As a retiree you have several health care benefits to choose from. These include VA provided medical benefits, Tricare and other supplemental health care insurance options.
Retirees and their families remain eligible to use civilian health care facilities under Tricare. Tricare eligibility remains in force until you are 65 years old. Upon reaching age 65, Tricare ends, and you become eligible for Tricare for Life and Medicare.
Tricare After Leaving the Service
After you retire, but prior to your 65th birthday (or Medicare eligibility), you remain eligible for regular Tricare just like you had on active duty.
These programs are:
- Tricare Prime: A health maintenance organization-type managed care program for which retirees are required to pay an annual enrollment fee. Enrollees are assigned a primary care manager, who determines the most appropriate, available source of care - either a military treatment facility or a civilian network provider. Enrollees pay little or no co-payment, and usually are not required to file claims for their care.
- Tricare Select: A fee for service option that requires an annual deductible and cost shares after the deductible has been reached. Under Tricare Select you may be responsible for filing your own claim.
You may have to switch between your current program and another depending on availability of Tricare at your new home after you leave the service.
Dental Care After Retirement
Once you retire, you lose eligibility to Tricare dental.
Retirees and their dependents can get dental care using the Office of Personnel Management’s Federal Employees Dental and Vision Insurance Program (FEDVIP).
FEDVIP is the same dental program used by Federal employees and retirees and offers a choice between multiple dental insurance companies.
Tricare For Life
If you or a family member become entitled to Medicare Part A, whether due to a disability or when you turn 65, you are eligible for Tricare For Life (TFL). There are no TFL enrollment fees, but you are required to pay Medicare Part B premiums. When using TFL, Tricare is the second payer after Medicare in most cases. Get more information about TFL.
When you reach age 65 (or otherwise become eligible for Medicare) you must enroll in Medicare as described above. Most people over 65 also sign up for Medicare Part D, which is the Medicare pharmacy benefit along with Part B, the medical insurance benefit.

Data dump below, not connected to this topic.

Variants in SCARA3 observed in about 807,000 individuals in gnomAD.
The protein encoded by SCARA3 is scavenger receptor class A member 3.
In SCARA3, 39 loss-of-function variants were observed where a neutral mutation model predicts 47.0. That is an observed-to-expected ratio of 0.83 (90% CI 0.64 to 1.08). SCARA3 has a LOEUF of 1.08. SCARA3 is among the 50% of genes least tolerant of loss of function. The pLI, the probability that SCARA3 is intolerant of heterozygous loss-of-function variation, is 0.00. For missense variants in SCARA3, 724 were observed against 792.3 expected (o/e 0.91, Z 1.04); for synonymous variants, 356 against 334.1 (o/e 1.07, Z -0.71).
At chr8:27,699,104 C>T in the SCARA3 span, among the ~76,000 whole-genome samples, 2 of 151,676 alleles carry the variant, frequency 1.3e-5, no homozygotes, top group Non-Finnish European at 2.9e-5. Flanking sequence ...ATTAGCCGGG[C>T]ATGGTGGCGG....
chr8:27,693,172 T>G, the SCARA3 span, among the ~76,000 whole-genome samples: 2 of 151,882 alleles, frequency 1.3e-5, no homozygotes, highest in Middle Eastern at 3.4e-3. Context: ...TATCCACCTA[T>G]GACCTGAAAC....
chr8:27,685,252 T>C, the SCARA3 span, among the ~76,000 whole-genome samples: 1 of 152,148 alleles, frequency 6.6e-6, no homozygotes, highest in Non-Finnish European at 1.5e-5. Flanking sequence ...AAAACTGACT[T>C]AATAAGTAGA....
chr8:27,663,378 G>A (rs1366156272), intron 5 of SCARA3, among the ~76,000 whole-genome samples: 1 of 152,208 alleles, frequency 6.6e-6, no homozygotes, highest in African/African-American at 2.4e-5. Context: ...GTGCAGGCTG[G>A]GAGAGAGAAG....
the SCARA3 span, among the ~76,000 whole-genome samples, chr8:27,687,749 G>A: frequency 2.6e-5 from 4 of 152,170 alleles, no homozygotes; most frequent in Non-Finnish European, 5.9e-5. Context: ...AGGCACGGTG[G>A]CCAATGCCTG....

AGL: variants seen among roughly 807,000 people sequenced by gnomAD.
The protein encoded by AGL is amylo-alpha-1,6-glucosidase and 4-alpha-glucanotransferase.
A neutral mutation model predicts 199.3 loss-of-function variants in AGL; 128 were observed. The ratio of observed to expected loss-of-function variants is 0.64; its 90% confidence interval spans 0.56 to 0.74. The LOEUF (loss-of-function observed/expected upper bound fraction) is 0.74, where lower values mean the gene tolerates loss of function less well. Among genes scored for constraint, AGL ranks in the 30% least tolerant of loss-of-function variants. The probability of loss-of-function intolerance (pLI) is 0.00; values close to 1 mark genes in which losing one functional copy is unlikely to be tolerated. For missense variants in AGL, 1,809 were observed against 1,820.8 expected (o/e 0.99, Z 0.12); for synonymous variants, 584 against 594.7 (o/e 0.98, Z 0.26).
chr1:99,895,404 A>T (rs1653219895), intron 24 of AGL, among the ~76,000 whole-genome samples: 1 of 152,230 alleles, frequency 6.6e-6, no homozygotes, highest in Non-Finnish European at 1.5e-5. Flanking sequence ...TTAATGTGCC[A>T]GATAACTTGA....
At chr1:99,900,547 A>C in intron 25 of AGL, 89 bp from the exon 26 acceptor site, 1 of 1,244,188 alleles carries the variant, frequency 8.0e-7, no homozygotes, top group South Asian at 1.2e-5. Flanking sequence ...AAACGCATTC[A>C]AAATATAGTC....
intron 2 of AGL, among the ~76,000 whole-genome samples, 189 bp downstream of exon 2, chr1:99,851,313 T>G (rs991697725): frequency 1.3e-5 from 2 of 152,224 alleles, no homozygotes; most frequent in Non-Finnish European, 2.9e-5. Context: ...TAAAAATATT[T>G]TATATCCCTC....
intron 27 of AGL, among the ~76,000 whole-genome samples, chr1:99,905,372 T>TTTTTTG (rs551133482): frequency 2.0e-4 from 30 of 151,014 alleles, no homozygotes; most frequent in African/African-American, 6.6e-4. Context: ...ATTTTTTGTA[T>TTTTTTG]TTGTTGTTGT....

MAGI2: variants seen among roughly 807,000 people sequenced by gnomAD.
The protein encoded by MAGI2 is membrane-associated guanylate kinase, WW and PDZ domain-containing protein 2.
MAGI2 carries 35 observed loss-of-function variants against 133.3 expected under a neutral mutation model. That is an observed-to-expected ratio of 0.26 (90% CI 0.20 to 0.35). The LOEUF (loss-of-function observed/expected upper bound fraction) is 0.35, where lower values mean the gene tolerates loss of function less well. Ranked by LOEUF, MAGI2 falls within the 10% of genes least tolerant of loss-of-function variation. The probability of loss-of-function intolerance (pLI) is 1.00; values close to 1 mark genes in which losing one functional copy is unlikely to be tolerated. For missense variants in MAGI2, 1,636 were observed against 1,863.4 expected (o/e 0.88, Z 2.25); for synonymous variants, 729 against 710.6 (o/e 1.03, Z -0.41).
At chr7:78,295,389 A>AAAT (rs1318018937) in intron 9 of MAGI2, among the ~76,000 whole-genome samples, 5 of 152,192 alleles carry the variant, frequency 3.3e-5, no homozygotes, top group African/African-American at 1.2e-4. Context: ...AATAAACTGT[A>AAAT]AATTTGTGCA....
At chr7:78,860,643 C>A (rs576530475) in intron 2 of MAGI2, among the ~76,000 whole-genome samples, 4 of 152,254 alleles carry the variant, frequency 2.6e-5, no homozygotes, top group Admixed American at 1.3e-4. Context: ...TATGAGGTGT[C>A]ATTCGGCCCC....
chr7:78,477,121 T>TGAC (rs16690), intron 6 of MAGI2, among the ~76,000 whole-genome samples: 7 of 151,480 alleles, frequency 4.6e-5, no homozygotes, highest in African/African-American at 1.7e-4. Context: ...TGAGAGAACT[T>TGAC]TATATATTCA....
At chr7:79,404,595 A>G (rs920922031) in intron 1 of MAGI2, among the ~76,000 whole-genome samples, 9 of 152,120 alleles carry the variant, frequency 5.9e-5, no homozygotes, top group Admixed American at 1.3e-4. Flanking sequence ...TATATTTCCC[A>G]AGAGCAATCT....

With Tricare pharmacy eligibility it may not be in your best financial interest to purchase Medicare Part D. If you have Tricare, you don’t need to join a Medicare Prescription Drug Plan. However, if you do, your Medicare drug plan pays first, and Tricare pays second.
When you become eligible for Medicare Part D:
- You'll receive a letter in the mail.
- It will explain how your Tricare prescription drug plan works with Medicare Part D.
For most Tricare beneficiaries, there is almost NO advantage to enrolling in a Medicare prescription drug plan. Before deciding whether or not to enroll in a Medicare prescription drug plan, you should compare it with your Tricare prescription drug plan. Be sure to compare:
- Monthly premiums
- Drug coverage
If you do decide to enroll in a Medicare prescription drug plan:
- Tricare will pay second after Medicare
- You can enroll during your Initial Enrollment Period or the Open Enrollment Period each year
- The Open Enrollment Period is mid- October - early December each year, with prescription drug coverage beginning the next January 1st
If a sponsor dies after retiring from active duty (either regular or a medical retirement), surviving family members remain eligible for Tricare with the same health plan options and costs they had before their sponsor passed away.
Surviving spouses remain eligible for Tricare unless they remarry and children remain eligible until they age out or lose eligibility for Tricare for other reasons.
Contact your Tricare regional contractor for assistance.
Supplemental Health Insurance for Retirees
One short stay in the hospital could offset the cost of several years of supplemental health insurance. Even though you are covered by Tricare, a supplemental insurance policy is a good idea for retirees. Here's why:
- Tricare does not cover all costs.
- Tricare has a yearly deductible to be paid.
- Tricare has a yearly cap on non-covered expenses; the cap is extremely high, and you are responsible for the cost of non-covered items up to that amount.
If you are covered by health insurance with your new employer, you may use Tricare as your supplemental insurance for that policy. Check with your Tricare advisor concerning your particular circumstances.
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